Mission & Values

The whole of creation belongs to the Lord and believers are commanded and called to take part in stewarding towards the fullness of all of it. This flourishing requires a holistic vision and necessitates Christian makers like you to understand and carry out this mission.

Our Mission

The Maker Institute of Studio Art and Theology develops Gospel-gripped, theologically minded, adept culture makers who faithfully seek to glorify Christ in all things.

Our Vision

Our vision is to see Christians who are visual artists, designers, and makers, deeply rooted in the local Church, make art with excellence across all spheres of influence. These makers will not be marked by a particular style or mode of making; instead, they will be marked by their excellent theological knowledge, increasing artistic know-how, and impactful presence in a world hungry for life, all under the Lordship of Christ. They will be disciples who love Christ and their neighbors as themselves, keenly through their makerly production, and people who can proclaim, teach and advance Christ’s Kingdom with faithful humility, love, mercy, grace, and truth.

Our Vision image

We believe the fullness of a maker comes forth when the heart, head, and hands are working together in unison. Therefore, our approach includes sound theological training, robust professional and studio practicum, and applied spiritual formation.

01. Heart

Discerning one’s calling as a maker is often tricky, but of critical importance. The heart of a Christian is new upon salvation; a new heart comes with new desires and giftings to match. The confounding pressure for art to serve artists as a functional identity idol has had damaging effects on Christians in the arts. Makers must find clarity regarding their desires so that we can bring Christ glory and love neighbors well instead of being frustrated as we try to force making art in ways that are not according to our calling or the identity Christ has richly provided us.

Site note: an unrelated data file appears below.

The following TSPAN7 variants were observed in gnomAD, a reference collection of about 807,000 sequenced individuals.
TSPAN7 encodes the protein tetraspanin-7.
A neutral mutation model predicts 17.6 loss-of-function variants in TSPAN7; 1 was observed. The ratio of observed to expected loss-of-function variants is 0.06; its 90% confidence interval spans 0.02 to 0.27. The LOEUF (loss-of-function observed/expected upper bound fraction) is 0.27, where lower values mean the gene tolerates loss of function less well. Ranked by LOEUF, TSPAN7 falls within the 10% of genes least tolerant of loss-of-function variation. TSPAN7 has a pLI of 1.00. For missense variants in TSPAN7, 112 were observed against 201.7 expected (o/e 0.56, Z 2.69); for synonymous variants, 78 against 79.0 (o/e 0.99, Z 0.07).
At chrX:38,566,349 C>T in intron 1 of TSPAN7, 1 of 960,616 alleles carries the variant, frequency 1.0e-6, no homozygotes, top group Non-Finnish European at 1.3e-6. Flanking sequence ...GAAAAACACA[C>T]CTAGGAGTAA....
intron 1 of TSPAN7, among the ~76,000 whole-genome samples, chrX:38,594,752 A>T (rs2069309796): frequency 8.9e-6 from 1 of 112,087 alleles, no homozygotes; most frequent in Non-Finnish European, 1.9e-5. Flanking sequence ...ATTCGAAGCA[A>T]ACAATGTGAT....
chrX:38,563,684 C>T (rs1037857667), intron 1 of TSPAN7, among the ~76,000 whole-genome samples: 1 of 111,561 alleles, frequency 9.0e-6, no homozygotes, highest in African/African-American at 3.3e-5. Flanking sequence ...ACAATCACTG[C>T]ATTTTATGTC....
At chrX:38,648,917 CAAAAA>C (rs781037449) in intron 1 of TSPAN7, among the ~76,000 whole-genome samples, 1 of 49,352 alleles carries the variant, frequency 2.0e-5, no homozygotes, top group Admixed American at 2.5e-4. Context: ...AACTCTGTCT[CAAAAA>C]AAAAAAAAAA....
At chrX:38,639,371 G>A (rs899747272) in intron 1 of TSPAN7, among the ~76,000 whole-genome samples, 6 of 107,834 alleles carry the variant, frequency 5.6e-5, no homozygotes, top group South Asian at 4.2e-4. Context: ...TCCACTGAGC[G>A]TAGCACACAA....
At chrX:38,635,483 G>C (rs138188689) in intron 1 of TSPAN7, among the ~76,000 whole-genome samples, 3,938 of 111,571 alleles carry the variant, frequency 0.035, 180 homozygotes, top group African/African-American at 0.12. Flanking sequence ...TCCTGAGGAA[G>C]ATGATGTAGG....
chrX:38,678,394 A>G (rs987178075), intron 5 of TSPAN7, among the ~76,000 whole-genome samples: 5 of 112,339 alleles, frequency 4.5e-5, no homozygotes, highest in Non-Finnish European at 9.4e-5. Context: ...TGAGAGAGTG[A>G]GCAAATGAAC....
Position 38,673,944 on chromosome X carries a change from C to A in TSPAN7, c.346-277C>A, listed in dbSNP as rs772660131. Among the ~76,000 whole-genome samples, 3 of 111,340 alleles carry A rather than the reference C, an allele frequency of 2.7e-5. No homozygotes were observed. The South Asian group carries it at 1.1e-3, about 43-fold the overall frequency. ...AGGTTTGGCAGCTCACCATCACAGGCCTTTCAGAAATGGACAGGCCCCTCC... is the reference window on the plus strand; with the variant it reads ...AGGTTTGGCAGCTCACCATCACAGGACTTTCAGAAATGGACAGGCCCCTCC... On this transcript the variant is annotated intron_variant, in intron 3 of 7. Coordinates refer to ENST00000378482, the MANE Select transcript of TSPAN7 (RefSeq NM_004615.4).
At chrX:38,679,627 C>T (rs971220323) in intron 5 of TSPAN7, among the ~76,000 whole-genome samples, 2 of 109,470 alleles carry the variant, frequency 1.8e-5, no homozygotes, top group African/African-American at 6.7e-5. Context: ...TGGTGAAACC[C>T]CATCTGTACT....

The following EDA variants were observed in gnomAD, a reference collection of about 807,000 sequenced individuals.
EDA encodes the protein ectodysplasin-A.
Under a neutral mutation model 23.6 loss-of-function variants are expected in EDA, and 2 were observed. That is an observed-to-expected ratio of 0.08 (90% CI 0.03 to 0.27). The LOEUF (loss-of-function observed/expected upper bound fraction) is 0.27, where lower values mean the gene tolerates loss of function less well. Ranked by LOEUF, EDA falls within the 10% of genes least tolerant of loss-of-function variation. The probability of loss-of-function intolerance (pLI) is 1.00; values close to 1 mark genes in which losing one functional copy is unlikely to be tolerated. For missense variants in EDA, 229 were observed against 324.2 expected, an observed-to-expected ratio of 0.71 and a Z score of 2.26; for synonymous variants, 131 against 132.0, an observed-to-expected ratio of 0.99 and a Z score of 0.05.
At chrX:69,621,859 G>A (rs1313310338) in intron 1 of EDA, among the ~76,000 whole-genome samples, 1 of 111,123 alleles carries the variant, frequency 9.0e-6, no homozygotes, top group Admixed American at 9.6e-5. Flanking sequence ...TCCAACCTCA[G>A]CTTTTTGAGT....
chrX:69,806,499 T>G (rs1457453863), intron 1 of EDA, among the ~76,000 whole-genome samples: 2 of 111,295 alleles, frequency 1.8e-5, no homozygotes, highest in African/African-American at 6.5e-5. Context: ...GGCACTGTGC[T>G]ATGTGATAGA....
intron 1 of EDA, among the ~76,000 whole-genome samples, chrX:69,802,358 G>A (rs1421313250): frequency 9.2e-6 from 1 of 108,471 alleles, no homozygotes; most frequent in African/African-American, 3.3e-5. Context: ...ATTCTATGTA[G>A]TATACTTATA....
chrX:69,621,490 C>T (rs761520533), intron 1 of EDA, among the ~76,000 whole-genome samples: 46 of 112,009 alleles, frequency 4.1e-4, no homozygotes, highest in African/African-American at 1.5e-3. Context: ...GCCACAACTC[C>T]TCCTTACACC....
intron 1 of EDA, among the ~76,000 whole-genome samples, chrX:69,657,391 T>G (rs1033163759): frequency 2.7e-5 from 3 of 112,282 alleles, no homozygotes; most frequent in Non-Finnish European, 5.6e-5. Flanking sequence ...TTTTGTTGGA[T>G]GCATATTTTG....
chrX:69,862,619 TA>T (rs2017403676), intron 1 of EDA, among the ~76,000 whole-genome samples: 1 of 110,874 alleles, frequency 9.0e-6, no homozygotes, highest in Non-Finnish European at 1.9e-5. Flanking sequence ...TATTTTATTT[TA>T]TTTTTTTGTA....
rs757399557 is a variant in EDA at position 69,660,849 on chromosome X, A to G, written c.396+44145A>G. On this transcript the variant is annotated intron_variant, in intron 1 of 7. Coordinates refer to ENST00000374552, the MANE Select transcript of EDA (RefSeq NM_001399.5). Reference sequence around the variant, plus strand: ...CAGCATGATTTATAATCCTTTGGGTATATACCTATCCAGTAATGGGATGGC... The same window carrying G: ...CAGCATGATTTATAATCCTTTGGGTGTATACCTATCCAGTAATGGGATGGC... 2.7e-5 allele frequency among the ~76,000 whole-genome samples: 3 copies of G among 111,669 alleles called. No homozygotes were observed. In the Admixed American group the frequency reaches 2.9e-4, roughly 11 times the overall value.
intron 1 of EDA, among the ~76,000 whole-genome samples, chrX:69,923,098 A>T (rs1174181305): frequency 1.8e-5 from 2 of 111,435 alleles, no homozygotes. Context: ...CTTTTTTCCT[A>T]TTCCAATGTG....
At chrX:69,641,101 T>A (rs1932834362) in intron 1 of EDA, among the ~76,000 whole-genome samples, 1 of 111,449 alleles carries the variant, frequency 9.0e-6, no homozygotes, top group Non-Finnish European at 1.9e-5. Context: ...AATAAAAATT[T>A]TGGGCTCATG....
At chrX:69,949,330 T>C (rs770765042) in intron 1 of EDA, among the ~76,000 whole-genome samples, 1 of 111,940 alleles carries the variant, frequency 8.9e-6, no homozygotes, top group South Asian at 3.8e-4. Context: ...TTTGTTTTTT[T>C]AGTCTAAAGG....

02. Head

Whether in one’s devotions, academic-theological studies, Bible reading, cultural anthropology, or practically in the studio, makers must steward the life of their minds well. Abraham Kuyper famously stated, “There is not a square inch in the whole domain of our human existence over which Christ, who is Sovereign over all, does not cry, ‘Mine!’” The rule and reign of Jesus affirm that the quandary between sacred and secular is no longer a core problem that Christian makers must contend with constantly. That said, it follows that “All of Christ for all of life,” entails ongoing theological development. All of life and creation are sacred, including vocation and calling in the arts. How we think concerning God, art, and design must be tended to and cultivated. As artists and makers, we must not opt-out of lifelong learning.

03. Hands

The incarnation of Christ, with His grace-filled, sin-atoning work and forgiveness on the cross, coupled with the gift of new creation demonstrated by His resurrection, has manifold implications for our work as artists and designers. Firstly, it means the physical world can be worked with and made much of with our hands and that God cares deeply about physicality and the quality of what we make. Secondly, Christian makers must spend more time learning to make with excellence by demanding more from themselves regarding relevant skills and know-how. Thirdly, knowledge of the physical world and its effects is paramount. Christians should look to what Christ has made so that they might learn to employ such effects in ways that seek human flourishing and follow after the artistic and design patterns found in God’s good creation.

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